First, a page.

I’ve been camping at Bandelier National Monument and the nearby Jemez Mountains. Fall is here in the mountains – one morning it was almost down to freezing when I crawled out of the tent.
Ancestral Pueblo People built villages into the bizarre “Swiss-cheese” cliffs of volcanic tuff (a soft stone formed by huge accumulations of ash) and on the valley floor below.
The ruins predate the Spanish conquest of northern Mexico (what is now the US southwest), but archaeologists have found evidence of ancient humans in the area dating from shortly after the last ice age. I guess the area’s been drying out ever since. Bandelier pueblo peoples didn’t “disappear,” as you may have read. They moved – probably drought had a lot to do with that – and evolved into modern pueblos.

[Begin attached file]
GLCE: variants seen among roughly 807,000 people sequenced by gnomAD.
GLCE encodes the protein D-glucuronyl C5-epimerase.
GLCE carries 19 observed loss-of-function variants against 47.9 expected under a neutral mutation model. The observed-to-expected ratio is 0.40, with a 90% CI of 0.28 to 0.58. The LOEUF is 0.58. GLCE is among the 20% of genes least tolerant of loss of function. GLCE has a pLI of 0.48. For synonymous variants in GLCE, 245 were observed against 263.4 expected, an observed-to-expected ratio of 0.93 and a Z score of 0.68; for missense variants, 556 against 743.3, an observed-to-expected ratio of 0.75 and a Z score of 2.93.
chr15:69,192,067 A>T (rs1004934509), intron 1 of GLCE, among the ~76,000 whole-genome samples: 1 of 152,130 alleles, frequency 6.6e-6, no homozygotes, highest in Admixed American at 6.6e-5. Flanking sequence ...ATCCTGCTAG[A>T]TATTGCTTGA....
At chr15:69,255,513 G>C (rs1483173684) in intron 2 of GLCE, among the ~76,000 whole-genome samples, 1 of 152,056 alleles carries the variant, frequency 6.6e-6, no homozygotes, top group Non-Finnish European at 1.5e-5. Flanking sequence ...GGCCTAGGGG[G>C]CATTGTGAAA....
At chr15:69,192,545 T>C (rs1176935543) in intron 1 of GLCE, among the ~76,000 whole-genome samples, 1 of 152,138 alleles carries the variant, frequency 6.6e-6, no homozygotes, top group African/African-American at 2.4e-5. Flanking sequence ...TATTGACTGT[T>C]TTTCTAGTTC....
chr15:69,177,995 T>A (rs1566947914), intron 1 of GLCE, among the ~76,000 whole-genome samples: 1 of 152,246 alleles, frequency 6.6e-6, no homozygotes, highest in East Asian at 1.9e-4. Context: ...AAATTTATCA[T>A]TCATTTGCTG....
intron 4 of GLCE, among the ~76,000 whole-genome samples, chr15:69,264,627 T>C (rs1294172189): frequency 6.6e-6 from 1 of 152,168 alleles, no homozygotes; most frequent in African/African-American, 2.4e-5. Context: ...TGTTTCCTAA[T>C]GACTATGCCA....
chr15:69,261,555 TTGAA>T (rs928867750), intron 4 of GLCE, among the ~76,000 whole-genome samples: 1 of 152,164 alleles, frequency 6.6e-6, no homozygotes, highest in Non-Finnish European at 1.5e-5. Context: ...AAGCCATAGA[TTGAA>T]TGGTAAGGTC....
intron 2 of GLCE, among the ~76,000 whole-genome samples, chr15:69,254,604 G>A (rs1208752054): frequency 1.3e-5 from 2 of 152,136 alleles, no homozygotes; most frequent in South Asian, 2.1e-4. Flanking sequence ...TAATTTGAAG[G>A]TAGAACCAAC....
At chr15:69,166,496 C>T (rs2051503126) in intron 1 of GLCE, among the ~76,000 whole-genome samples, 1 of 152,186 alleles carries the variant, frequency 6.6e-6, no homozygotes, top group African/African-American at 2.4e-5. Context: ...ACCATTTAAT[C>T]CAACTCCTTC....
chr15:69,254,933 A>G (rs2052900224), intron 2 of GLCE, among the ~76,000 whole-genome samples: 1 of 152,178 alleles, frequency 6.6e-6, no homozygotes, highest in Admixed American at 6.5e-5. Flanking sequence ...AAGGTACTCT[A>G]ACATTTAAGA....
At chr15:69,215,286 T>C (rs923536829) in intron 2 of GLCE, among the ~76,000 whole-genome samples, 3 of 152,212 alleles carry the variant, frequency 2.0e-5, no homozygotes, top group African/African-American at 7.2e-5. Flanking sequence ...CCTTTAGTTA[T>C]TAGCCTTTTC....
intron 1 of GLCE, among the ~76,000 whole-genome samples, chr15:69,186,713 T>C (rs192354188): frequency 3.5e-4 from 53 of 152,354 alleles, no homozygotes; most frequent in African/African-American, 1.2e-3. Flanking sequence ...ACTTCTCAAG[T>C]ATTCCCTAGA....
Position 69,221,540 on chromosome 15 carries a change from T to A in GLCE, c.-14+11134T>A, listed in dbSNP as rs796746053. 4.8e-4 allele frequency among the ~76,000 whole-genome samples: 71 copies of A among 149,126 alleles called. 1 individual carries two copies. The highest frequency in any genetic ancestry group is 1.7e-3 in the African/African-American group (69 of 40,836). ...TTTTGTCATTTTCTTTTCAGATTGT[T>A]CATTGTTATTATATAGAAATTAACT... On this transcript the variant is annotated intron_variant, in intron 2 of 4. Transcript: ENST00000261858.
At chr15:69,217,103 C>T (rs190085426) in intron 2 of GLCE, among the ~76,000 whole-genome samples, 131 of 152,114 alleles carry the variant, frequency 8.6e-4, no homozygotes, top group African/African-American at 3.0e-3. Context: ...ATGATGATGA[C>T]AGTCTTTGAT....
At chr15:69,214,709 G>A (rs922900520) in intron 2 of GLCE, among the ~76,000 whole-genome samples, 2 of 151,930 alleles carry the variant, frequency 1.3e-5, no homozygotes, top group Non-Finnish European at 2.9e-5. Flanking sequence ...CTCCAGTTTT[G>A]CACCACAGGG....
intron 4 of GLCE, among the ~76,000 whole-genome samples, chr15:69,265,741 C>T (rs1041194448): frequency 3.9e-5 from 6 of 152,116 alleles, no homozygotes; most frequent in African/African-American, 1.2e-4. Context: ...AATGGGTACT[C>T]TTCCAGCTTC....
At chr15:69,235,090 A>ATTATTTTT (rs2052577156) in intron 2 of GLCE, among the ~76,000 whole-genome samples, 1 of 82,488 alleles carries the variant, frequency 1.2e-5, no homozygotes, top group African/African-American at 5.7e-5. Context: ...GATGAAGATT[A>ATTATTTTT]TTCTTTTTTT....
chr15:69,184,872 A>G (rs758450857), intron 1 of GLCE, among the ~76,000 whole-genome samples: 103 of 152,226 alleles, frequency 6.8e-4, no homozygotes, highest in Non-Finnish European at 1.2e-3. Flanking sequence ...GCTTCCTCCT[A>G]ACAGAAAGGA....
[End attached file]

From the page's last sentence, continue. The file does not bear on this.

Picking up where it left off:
There are other sites in the Jemez dating from the Spanish occupation – a mixture of fascinating Spanish history and sad conquest of the indigenous people. A kiva (ceremonial structure) has been reconstructed at the misnamed Coronado Historic Site. Early 20th century archaeologists found wonderful paintings on the walls, which were removed for study and preservation. A local pueblo artist has reproduced the paintings, but since they represent ceremonial figures, no photography is allowed. You’ll have to travel to New Mexico to see them.